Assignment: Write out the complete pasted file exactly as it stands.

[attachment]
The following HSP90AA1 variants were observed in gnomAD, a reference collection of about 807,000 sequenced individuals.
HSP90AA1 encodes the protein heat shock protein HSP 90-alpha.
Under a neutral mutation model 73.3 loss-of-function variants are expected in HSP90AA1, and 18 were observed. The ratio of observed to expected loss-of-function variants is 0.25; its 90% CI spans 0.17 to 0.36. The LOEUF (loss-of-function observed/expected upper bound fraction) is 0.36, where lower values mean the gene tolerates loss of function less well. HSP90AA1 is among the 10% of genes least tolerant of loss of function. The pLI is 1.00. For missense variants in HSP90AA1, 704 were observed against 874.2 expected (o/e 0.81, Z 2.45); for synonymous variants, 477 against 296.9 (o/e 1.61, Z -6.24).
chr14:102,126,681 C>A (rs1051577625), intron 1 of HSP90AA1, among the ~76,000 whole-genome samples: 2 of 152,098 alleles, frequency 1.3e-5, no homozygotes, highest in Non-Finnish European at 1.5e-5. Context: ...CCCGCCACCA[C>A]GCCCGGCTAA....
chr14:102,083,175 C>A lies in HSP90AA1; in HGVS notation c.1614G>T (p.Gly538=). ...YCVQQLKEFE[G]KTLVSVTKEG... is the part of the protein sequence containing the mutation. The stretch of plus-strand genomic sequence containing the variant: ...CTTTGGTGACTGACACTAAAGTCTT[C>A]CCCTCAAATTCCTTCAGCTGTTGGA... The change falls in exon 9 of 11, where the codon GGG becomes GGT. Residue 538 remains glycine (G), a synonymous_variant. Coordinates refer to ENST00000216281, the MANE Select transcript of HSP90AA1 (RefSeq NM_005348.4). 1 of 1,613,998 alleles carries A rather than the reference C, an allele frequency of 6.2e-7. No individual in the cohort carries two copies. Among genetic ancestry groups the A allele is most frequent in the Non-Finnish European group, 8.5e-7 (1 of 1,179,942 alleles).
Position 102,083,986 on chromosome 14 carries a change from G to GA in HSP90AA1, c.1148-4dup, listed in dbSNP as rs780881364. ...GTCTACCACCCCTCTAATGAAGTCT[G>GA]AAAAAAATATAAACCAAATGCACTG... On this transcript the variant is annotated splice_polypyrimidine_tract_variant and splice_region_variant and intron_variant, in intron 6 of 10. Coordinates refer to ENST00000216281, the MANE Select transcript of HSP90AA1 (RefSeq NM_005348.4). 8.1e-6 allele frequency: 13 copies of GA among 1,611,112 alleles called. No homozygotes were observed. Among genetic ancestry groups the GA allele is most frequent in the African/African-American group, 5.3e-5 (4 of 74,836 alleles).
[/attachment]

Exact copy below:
The following HSP90AA1 variants were observed in gnomAD, a reference collection of about 807,000 sequenced individuals.
HSP90AA1 encodes the protein heat shock protein HSP 90-alpha.
Under a neutral mutation model 73.3 loss-of-function variants are expected in HSP90AA1, and 18 were observed. The ratio of observed to expected loss-of-function variants is 0.25; its 90% CI spans 0.17 to 0.36. The LOEUF (loss-of-function observed/expected upper bound fraction) is 0.36, where lower values mean the gene tolerates loss of function less well. HSP90AA1 is among the 10% of genes least tolerant of loss of function. The pLI is 1.00. For missense variants in HSP90AA1, 704 were observed against 874.2 expected (o/e 0.81, Z 2.45); for synonymous variants, 477 against 296.9 (o/e 1.61, Z -6.24).
chr14:102,126,681 C>A (rs1051577625), intron 1 of HSP90AA1, among the ~76,000 whole-genome samples: 2 of 152,098 alleles, frequency 1.3e-5, no homozygotes, highest in Non-Finnish European at 1.5e-5. Context: ...CCCGCCACCA[C>A]GCCCGGCTAA....
chr14:102,083,175 C>A lies in HSP90AA1; in HGVS notation c.1614G>T (p.Gly538=). ...YCVQQLKEFE[G]KTLVSVTKEG... is the part of the protein sequence containing the mutation. The stretch of plus-strand genomic sequence containing the variant: ...CTTTGGTGACTGACACTAAAGTCTT[C>A]CCCTCAAATTCCTTCAGCTGTTGGA... The change falls in exon 9 of 11, where the codon GGG becomes GGT. Residue 538 remains glycine (G), a synonymous_variant. Coordinates refer to ENST00000216281, the MANE Select transcript of HSP90AA1 (RefSeq NM_005348.4). 1 of 1,613,998 alleles carries A rather than the reference C, an allele frequency of 6.2e-7. No individual in the cohort carries two copies. Among genetic ancestry groups the A allele is most frequent in the Non-Finnish European group, 8.5e-7 (1 of 1,179,942 alleles).
Position 102,083,986 on chromosome 14 carries a change from G to GA in HSP90AA1, c.1148-4dup, listed in dbSNP as rs780881364. ...GTCTACCACCCCTCTAATGAAGTCT[G>GA]AAAAAAATATAAACCAAATGCACTG... On this transcript the variant is annotated splice_polypyrimidine_tract_variant and splice_region_variant and intron_variant, in intron 6 of 10. Coordinates refer to ENST00000216281, the MANE Select transcript of HSP90AA1 (RefSeq NM_005348.4). 8.1e-6 allele frequency: 13 copies of GA among 1,611,112 alleles called. No homozygotes were observed. Among genetic ancestry groups the GA allele is most frequent in the African/African-American group, 5.3e-5 (4 of 74,836 alleles).